Wüléelham

Wüléelham
is a Lenape word that means "make good tracks"
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Rooted in Indigenous knowledge and pedagogies, the Wüléelham courses, cohorts and programs engage participants in learning from Indigenous peoples’ experiences and perspectives.

Wüléelham options were developed to highlight the specific strengths of urban Indigenous communities. They are not intended to be taken in a linear sequence; instead, students make their own tracks, choosing to participate based on their timelines and interests. Our ultimate goal is to provide students with the knowledge and understanding to contribute to community well-being through their chosen career paths.

Developed in collaboration with Indigenous scholars and communities, Wüléelham prepares students for a wide variety of careers including, teaching, journalism, public administration, law enforcement, court work, policy work, or research on Indigenous experiences.

"Defining and implementing an education worthy of our children and our ancestors."

- Eber Hampton

Waaban - Indigenous Teacher Education

The Faculty, in collaboration with the Toronto District School Board Indigenous Education Centre, offers admission to a special cohort of students who complete the Bachelor of Education degree with a focus on Indigenous worldviews. Waaban will educate a new generation of teachers, preparing them to address the needs of First Nations, Métis and Inuit students, families and communities.

Students will have the opportunity to:

  • Study in a program grounded in Indigenous knowledge and pedagogies
  • Experience a holistic program of teaching and learning that acknowledges the
    impacts of colonialism
  • Learn about contemporary urban, rural and reserve perspectives, and teachings from a diversity of nations
  • Learn from and with Indigenous elders, educators, and contemporary community leaders
  • Draw on the wisdom of ancestral teachings and contemporary leaders to put Indigenous futures into Indigenous hands

Learn more about Waaban Indigenous Teacher Education

Indigenous People, Identity and Education

Open to high school students at the Toronto District School Board, the purpose of this course is to establish positive relationships between self-identified Indigenous students and the university. The course is offered during the secondary school winter semester.

Students will have the opportunity to:

  • Explore Indigenous perspectives and develop an understanding of what it means to be Indigenous and what it means to be Canadian
  • Meet and learn together in an environment focused on urban Indigenous youth and their issues
  • Investigate and develop responses to questions of identity and Indigeneity
  • Learn from Indigenous authors, filmmakers, and artists telling their own stories
  • Read books, watch films, and listen to each other’s stories

Urban Indigenous Education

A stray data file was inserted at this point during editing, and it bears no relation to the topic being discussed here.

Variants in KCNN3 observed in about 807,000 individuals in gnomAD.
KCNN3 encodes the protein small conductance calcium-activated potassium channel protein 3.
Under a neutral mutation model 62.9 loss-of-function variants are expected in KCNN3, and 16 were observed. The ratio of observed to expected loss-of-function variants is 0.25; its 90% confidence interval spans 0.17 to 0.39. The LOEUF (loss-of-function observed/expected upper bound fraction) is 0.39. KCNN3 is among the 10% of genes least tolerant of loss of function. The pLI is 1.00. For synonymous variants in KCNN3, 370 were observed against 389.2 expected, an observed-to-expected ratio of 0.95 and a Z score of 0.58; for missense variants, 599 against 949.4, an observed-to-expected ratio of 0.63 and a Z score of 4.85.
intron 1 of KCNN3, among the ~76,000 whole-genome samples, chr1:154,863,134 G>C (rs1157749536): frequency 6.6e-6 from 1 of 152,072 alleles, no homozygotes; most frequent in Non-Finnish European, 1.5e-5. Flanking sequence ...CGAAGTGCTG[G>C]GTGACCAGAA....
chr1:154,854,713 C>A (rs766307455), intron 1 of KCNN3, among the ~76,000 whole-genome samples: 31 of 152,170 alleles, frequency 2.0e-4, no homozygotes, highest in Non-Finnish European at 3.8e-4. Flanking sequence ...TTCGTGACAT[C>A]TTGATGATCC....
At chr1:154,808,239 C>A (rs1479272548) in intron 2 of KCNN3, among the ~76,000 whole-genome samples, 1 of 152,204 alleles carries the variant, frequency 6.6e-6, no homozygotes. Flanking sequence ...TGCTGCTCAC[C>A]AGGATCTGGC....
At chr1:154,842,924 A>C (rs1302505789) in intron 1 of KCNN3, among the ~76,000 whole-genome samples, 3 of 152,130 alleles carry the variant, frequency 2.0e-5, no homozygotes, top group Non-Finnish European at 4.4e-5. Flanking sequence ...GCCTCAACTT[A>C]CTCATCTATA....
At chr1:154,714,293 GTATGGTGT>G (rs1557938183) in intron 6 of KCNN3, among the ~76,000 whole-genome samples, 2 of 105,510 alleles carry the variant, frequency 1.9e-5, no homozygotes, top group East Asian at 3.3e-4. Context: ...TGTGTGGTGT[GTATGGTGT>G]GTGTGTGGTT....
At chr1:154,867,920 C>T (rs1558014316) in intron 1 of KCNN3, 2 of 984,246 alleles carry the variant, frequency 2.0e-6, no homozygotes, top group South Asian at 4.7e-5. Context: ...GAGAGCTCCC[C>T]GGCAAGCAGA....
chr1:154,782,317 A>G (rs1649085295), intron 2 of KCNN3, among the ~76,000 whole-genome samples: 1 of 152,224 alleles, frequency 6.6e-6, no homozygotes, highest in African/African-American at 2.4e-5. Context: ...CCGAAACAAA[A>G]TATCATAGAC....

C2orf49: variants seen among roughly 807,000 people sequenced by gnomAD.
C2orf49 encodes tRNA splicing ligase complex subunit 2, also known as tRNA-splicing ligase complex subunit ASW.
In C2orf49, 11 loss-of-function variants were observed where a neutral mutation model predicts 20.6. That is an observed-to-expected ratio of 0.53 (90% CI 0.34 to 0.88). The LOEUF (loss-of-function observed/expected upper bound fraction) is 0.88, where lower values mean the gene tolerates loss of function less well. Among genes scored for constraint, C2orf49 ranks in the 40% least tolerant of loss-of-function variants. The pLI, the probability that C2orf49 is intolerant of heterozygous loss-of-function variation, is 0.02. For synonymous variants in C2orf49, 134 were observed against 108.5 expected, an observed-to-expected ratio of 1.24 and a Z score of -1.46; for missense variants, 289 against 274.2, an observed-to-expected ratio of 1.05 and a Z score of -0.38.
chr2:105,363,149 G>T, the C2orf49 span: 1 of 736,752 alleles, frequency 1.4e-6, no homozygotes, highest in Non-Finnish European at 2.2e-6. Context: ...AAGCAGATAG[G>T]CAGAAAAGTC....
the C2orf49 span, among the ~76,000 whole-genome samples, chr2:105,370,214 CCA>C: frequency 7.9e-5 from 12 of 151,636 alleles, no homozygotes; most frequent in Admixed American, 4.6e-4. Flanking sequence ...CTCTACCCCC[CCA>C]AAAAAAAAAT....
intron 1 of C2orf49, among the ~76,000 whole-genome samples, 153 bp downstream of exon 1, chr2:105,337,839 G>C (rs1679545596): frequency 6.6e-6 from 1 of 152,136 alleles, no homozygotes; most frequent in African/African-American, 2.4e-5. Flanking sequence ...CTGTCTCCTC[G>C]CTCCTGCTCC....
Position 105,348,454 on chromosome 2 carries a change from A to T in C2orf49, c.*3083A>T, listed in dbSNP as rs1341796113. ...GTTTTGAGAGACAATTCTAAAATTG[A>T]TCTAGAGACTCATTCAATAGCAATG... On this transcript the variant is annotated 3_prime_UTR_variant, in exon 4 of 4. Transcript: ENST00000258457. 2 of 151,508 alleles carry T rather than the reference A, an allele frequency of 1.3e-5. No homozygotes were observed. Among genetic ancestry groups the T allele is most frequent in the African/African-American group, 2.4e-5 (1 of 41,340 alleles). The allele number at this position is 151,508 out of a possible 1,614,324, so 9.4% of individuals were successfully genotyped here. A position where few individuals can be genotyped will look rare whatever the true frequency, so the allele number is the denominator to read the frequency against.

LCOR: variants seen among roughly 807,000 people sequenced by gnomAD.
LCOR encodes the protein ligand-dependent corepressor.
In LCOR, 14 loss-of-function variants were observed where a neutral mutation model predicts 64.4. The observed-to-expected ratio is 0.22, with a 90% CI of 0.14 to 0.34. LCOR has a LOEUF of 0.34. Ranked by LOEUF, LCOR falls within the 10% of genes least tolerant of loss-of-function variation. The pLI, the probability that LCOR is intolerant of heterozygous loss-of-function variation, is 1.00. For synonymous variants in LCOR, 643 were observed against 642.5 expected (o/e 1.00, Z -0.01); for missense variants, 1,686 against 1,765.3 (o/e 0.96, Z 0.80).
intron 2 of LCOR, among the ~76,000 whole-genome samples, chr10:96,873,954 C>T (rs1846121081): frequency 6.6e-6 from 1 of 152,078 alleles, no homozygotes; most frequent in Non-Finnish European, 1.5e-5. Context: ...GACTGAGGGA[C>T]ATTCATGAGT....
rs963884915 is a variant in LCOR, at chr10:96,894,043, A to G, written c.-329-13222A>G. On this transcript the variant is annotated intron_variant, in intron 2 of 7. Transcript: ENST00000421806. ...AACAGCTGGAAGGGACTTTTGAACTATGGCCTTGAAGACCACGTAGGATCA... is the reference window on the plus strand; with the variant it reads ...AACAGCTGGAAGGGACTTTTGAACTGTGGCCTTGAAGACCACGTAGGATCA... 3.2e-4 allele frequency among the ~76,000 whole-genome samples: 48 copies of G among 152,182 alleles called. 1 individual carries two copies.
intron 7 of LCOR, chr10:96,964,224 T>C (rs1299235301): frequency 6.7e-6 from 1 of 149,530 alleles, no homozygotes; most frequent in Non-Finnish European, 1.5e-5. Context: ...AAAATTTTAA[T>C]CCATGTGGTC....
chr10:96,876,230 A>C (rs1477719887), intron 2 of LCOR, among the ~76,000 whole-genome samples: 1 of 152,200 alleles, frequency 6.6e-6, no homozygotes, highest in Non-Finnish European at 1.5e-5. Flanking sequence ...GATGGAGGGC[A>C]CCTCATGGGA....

The Graduate Program in Language, Culture and Teaching offers a cohort-based Master of Education. This part-time program will be of particular interest to educators, service providers, artists, and others working with Indigenous people and addressing Indigenous issues in urban contexts.

Students will have the opportunity to:

  • Take courses centred in Indigenous content,drawing on key historical texts and the growing body of Indigenous scholarships, including Indigenous Ways of Knowing and Decolonizing Research Methodologies
  • Learn about Indigenous peoples’ experiences and perspectives, advancing understanding of Indigenous epistemologies, pedagogies, and urban indigeneity
  • Learn about the history of colonialism in Canada and its impact on education in Ontario schools
  • Learn through the work of Indigenous scholars contributing to resurgence and new emergence in Indigenous thought
  • Complete independent work, as well as plan and carry out small-group experiential learning projects

Learn more about the Master of Education Cohort Urban Indigenous Education

Indigenous Education

This is a cohort-based program that encourages PhD candidates to support each other’s learning, creating a strong presence, and bringing perspectives into the classroom space to the benefit of all students and professors. Candidates in this program do not necessarily complete all their courses together; however, they do work on shared projects outside of the classroom. Developing mutually reinforcing and supportive relationships while fostering an environment to incubate Indigenous imaginations and resurge Indigenous scholarship, the cohort sets the stage for groundbreaking and transformative work.

Interested in learning more about the Faculty's Indigenous-focused studies?

For further information, contact:
Bachelor of Education and Combined Credit Course
osp@edu.yorku.ca
Master and PhD Cohorts
gradprogram@edu.yorku.ca